The Pennsylvania State University

Communities Free from Addiction: Mobilizing Bold, Scalable Solutions

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Project Summary

Substance misuse and disorders grip our nation. Pennsylvania has been especially hard-hit, with the third-highest overdose death rate in the nation in 2017. In 2018, Penn State made a decisive investment by creating the Consortium to Combat Substance Abuse (CCSA) to fuel interdisciplinary research and prevention and treatment program development and evaluation. Now is the time to put proven solutions into practice in Pennsylvania and beyond. Working with state agency advisors, we propose coordinated scale-up of proven programs to (1) implement universal substance use prevention through Penn State Extension, (2) disseminate effective treatment and recovery services to primary-care doctors, and (3) provide continuity of care services to justice-involved individuals and their families as they reenter communities. We propose persistent, effective communication to policymakers, rigorous monitoring of impact, and the launch of similar, coordinated programs in states across the U.S. toward communities—and a future—free from addiction.

Problem Statement

The opioid crisis grips the U.S., and the overdose death rate continues to shock. More people now die from overdoses than from car accidents. By 2017, Pennsylvania’s overdose death rate reached third in the nation. The opioid crisis is rapidly changing shape as overdoses from cocaine and methamphetamines increase, and we now face another critical concern: youth vaping. It is time for decisive, coordinated action--with solutions specific to the current opioid crisis but adaptable to emerging trends; we need coordinated systems to implement evidence-based approaches to combat substance misuse across the continuum of care. Although only a subset of the population develops substance use disorders, nearly everyone has been impacted—through their own or a loved one’s misuse—and substance abuse touches almost every public system. Etiologies of substance misuse are complex and multifaceted, including pain, mental health issues, trauma, socioeconomic challenges, and social alienation. However, there is hope. Effective prevention programs reduce demand and steer youth toward healthier futures, effective treatments are available, and overdose-reversing medications have widespread use. Yet, evidence-based prevention and treatment approaches are woefully underutilized, and saving lives requires explicitly linking vulnerable individuals, such as those formerly incarcerated and in the process of community reentry, to effective substance misuse treatment and recovery programs. Thus effective solutions require persistent, fundamental, coordinated systems change fostered by bold investments in community-based solutions that leverage our land-grant institutions throughout the nation.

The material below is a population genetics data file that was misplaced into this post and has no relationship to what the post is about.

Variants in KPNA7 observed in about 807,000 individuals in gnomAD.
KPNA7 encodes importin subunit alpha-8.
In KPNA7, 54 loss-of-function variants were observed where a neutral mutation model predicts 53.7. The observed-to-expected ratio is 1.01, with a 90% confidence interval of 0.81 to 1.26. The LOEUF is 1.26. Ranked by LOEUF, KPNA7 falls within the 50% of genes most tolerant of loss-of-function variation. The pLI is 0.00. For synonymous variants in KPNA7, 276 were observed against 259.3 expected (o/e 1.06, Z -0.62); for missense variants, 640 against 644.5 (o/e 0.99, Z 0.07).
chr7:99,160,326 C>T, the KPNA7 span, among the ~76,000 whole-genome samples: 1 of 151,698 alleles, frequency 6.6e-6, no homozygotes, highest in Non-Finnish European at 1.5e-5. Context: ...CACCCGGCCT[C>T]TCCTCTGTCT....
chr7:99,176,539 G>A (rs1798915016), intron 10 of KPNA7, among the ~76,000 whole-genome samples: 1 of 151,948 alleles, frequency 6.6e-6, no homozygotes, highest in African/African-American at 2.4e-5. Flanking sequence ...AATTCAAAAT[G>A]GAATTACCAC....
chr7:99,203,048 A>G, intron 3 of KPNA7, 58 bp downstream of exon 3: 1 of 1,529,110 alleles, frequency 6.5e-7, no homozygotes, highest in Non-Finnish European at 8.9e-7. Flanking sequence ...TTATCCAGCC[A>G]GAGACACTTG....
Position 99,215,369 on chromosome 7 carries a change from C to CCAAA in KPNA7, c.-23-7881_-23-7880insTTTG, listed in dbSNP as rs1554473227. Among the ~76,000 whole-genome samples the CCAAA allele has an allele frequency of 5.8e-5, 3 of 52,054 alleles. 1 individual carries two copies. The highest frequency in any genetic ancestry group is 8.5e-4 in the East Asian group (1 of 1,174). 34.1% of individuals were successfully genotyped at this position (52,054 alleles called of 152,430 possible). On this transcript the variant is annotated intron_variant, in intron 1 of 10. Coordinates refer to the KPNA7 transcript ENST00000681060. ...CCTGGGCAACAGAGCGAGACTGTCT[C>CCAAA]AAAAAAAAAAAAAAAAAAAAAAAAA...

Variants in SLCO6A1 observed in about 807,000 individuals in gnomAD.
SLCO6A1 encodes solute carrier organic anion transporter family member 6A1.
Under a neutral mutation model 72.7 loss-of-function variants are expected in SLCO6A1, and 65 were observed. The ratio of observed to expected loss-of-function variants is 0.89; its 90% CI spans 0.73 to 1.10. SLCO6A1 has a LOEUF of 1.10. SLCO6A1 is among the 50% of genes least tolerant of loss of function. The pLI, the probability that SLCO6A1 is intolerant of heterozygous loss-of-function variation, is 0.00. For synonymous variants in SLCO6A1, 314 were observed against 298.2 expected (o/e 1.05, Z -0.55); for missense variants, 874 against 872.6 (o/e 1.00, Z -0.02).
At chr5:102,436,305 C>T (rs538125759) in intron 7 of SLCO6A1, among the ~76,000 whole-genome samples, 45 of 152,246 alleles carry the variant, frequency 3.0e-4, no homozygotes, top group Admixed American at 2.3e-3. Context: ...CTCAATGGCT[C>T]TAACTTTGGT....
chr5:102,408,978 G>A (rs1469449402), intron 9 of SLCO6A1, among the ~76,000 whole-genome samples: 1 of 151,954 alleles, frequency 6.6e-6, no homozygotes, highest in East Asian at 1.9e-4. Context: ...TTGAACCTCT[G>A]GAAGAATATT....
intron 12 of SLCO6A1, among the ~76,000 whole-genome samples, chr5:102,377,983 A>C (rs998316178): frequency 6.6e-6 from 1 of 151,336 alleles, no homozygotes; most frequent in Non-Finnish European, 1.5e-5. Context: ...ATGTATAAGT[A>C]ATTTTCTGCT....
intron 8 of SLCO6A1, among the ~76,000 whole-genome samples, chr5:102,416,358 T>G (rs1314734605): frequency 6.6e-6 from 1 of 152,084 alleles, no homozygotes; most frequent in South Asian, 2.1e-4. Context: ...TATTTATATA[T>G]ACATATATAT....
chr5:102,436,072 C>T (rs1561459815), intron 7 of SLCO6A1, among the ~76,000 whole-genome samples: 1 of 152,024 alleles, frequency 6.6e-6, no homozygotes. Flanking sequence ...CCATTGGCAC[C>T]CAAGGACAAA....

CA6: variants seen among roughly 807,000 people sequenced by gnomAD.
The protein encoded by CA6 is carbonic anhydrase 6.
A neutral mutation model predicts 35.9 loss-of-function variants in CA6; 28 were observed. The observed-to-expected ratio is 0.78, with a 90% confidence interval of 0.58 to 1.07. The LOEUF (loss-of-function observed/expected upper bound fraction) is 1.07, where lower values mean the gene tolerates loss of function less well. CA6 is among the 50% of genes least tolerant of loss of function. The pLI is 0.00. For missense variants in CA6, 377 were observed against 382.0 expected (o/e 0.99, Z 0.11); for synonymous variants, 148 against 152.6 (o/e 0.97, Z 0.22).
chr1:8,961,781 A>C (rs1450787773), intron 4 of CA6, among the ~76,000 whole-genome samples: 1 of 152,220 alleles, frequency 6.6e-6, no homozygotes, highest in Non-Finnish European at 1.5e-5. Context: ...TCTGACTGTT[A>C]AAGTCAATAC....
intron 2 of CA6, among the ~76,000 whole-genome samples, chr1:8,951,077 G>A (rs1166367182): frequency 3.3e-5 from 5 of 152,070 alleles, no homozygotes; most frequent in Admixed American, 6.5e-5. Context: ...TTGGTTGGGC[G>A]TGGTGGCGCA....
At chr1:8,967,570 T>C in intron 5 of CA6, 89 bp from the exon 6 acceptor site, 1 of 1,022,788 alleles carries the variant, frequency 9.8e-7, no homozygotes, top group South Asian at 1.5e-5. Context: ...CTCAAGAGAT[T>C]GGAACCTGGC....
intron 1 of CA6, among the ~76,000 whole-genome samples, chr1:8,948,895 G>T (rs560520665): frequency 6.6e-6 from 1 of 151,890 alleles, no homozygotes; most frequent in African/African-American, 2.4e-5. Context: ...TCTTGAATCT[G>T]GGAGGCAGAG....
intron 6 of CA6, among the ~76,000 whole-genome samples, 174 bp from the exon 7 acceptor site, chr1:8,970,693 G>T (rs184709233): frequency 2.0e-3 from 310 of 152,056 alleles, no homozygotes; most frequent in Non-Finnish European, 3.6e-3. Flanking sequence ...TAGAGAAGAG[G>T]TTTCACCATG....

Solution Overview

We propose a comprehensive, systemic solution to substance misuse. It will be implemented across Pennsylvania, one of the hardest hit by surging overdose deaths, and then disseminated nationally. We propose three phases: (1) Scale-up of evidence-based prevention, treatment, and recovery programs to address substance misuse and mitigate future epidemics; (2) Sustainability through partnerships with state government; and (3) Expansion to other states and, ultimately, the entire U.S. Phase 1 (Years 1-3) involves community coalition building to address substance misuse locally, empowering communities to deliver proven-effective prevention, treatment, recovery, and prisoner reentry programs. Prevention in Phase 1 scales up our PROSPER infrastructure through the statewide Extension System to deliver evidence-based prevention to thousands of youth. Treatment in Phase 1 disseminates knowledge about evidence-based treatment for substance use disorder to community doctors via telehealth using the ECHO model. Community corrections and recovery center partnerships that link reentering prison inmates and their families with Certified Recovery Specialists will promote healthy adaptation and reduced recidivism. In Phase 2 (Year 4), as scale-up continues, we will evaluate these programs’ health and economic impacts and deliver strategic communications to our state and local government partners to address capacity and sustainability. This process will inform our Phase 3 dissemination efforts in other states. In Year 5, we will scale up two high-readiness states (Colorado, Washington) and four additional states as proof of concept. Our process evaluation will then be a blueprint for all states, documenting steps to implement a comprehensive, sustainable solution with evidence of impact.

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Project Funders

  • National Institutes of Health 2001 - 2018
  • Pennsylvania Commission on Crime and Delinquency 2018 - 2020
  • Substance Abuse and Mental Health Services Administration 2018 - 2021

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